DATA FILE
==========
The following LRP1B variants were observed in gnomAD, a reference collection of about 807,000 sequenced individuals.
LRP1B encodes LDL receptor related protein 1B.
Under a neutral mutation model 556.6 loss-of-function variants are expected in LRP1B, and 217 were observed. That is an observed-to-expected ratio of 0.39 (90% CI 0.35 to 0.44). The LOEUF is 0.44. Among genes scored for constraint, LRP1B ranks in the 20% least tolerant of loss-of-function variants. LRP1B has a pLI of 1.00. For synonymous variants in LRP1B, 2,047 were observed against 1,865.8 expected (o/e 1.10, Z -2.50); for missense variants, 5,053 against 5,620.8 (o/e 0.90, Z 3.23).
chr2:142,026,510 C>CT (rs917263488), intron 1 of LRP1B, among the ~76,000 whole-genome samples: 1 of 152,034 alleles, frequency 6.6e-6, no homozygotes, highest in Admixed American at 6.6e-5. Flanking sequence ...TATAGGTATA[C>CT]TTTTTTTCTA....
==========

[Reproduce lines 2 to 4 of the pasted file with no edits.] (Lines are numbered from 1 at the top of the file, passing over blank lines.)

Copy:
LRP1B encodes LDL receptor related protein 1B.
Under a neutral mutation model 556.6 loss-of-function variants are expected in LRP1B, and 217 were observed. That is an observed-to-expected ratio of 0.39 (90% CI 0.35 to 0.44). The LOEUF is 0.44. Among genes scored for constraint, LRP1B ranks in the 20% least tolerant of loss-of-function variants. LRP1B has a pLI of 1.00. For synonymous variants in LRP1B, 2,047 were observed against 1,865.8 expected (o/e 1.10, Z -2.50); for missense variants, 5,053 against 5,620.8 (o/e 0.90, Z 3.23).
chr2:142,026,510 C>CT (rs917263488), intron 1 of LRP1B, among the ~76,000 whole-genome samples: 1 of 152,034 alleles, frequency 6.6e-6, no homozygotes, highest in Admixed American at 6.6e-5. Flanking sequence ...TATAGGTATA[C>CT]TTTTTTTCTA....